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Discussion Starter #1
My wife has decided that I should make a bed. She picked this one but with solid panels instead of slats. I was also told to use solid wood instead of plywood.
 

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Selected some oak. Looks like i will have enough except for the side rails, everything I had was too short.. Had to do some laminations for the posts even if they are not that big.
 

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One frame completed. Had to redo the headboard legs as someone marked the spacing between the mortises using the foot board legs. Welcome to the golden age.
 

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These will be joined to make the footboard panel. I tried to explain to my wife that I should use plywood but to no avail. The allowance for movement should be from side to side right? Please forgive the foggy photo.
 

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It would be a monumental mistake to put a solid wood panel in the headboard and footboard especially if you glue it in. In the next 20 years the wood will shrink from 1/8" to 1/4". A large panel like that never just shrinks evenly even if it's just floating in a dado, it splits open. The finish you put on the wood ends up gluing it in to a certain extent. Then if you mortise the end pieces to accept the panel when it shrinks there would be a white line where the wood wasn't stained. Plywood was advised for a very good reason. If you just have to use solid wood it would hold up better to run the grain horizontal. By doing that the panel has only 2' of width to contend with. The shrinkage would be less.
 

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Discussion Starter #7
Thanks guys. I showed this to my wife. She still doesn't want plywood. So I'll have to think of something.
 

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if the same fabrication methods are used for large horizontal table tops,
why won't it work for a vertical project of the same nature ?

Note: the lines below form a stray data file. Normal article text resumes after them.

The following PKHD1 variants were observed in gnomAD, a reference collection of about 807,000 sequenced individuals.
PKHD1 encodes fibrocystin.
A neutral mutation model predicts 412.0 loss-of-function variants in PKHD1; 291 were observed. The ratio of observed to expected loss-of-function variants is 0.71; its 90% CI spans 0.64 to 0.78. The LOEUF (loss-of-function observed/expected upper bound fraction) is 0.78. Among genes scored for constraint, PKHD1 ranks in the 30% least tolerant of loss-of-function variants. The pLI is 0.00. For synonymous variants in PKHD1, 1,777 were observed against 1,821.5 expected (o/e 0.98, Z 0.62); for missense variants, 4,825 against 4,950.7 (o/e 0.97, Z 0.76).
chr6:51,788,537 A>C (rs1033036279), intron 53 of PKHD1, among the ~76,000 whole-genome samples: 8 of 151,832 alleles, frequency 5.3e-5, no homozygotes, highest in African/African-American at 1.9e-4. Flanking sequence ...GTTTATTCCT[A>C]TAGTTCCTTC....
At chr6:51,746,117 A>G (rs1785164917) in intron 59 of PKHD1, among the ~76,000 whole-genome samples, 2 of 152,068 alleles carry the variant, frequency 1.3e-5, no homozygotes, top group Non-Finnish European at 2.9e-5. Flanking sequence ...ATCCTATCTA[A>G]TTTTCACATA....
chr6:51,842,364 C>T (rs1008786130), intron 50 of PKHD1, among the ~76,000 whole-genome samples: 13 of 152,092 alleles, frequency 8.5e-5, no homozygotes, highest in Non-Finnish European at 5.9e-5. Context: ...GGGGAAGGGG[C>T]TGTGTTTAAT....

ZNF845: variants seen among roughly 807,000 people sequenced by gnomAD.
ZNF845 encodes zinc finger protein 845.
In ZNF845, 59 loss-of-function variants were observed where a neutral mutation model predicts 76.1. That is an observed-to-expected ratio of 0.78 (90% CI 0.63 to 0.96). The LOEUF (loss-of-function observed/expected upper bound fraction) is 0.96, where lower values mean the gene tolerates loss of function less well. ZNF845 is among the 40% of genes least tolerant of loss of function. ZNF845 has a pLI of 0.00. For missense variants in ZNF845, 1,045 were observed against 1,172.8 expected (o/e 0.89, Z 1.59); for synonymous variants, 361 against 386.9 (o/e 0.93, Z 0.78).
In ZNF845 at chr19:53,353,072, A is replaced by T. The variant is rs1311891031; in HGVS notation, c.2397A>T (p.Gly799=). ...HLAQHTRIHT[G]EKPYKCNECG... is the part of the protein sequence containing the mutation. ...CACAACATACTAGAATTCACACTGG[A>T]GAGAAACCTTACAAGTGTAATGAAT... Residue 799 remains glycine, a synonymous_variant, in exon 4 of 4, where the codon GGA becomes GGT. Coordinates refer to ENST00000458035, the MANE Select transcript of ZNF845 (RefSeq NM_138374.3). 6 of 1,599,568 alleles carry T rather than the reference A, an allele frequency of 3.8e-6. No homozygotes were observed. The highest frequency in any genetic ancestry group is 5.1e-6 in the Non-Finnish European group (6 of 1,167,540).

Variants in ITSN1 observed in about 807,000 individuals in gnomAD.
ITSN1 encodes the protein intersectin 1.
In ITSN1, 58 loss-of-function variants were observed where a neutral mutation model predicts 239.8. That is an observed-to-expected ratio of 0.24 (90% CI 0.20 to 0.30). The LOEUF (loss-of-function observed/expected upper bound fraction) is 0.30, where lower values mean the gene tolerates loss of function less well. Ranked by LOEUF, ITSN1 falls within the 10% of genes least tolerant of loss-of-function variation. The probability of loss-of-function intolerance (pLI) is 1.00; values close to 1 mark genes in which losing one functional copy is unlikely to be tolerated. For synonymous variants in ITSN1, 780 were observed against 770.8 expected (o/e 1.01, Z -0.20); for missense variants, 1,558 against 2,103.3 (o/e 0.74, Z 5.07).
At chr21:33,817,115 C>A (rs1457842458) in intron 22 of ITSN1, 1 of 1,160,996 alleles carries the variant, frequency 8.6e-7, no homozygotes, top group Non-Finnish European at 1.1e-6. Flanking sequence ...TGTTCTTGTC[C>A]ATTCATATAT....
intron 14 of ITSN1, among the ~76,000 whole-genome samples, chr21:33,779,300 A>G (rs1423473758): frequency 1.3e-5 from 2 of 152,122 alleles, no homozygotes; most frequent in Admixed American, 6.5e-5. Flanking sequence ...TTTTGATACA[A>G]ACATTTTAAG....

(just thinking out loud here).

.
 

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We have an "antique" bed from the 1930s, probably made in Belgium. It has two large solid wood panels on the headboard and footboard. One of the panels has a split in the headboard. It split a long time ago, in exactly the way that @Steve Neul described.

Photos:
* Footboard
* Headboard
* Closeup of Split in Headboard
 

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if the same fabrication methods are used for large horizontal table tops,
why won't it work for a vertical project of the same nature ?
(just thinking out loud here).

.
I talked to a company one time about making tables. First thing they mentioned is all would must be accimated and stabilized for one year prior to assembly...Takes money to make money... I was out....

I also went inside a table and chair manufacturing plant off I-35 in Kansas City. We went in the side to buy some pedistal for a furniture company I worked for in the early 90's. There was stacks of chars and tables with flaws sols once a year as defective units. Not everything is perfect in a productive world...
 

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Discussion Starter #12 (Edited)
You are makimg one large panel?

Wise to break the panal up..This beds 20 years old and built like a tank...
Steve, please describe how yours is made up. Are they 4 separate panels? Are the moldings over a joint? Are they linked with biscuits, tongue & groove or any other way?

Maybe I should point out that this oak is from church pews that sat there for 60 years or so and have been in my shop for a little over 10 years afterwards.

Thanks, Pat
 

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The bed is made cabinet style. I was a cabinet maker at the the time and thought like a cabinet maker. Later I became a furniture maker and did things differently.

Panels were broke up because that's the way doors are done. Very wide panels create shrinkage.

If you want a wide panel. I would suggest a trim piece that will allow you ad the panel finished and then trimmed in.

Otherwise I would completely stain and atleast seal coat the panel before assembly..

If you've ever clamped a panel up andd left it in a clamp you may have noticed your clamps getting loose. This is panel movement....
 

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Discussion Starter #14
The bed is made cabinet style. I was a cabinet maker at the the time and thought like a cabinet maker. Later I became a furniture maker and did things differently.

Panels were broke up because that's the way doors are done. Very wide panels create shrinkage.

If you want a wide panel. I would suggest a trim piece that will allow you ad the panel finished and then trimmed in.

Otherwise I would completely stain and atleast seal coat the panel before assembly..

If you've ever clamped a panel up andd left it in a clamp you may have noticed your clamps getting loose. This is panel movement....
That is likely what I will do.
 

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Discussion Starter #15
Here's the footboard. each panel is roughly 12 inches square. I have the following options:
-Install them loose in the groove, butt ended against the post (with or without biscuits).
-Glue them all together (with or without biscuits), butt ended against the post.
-Either one grooved into the post.
 

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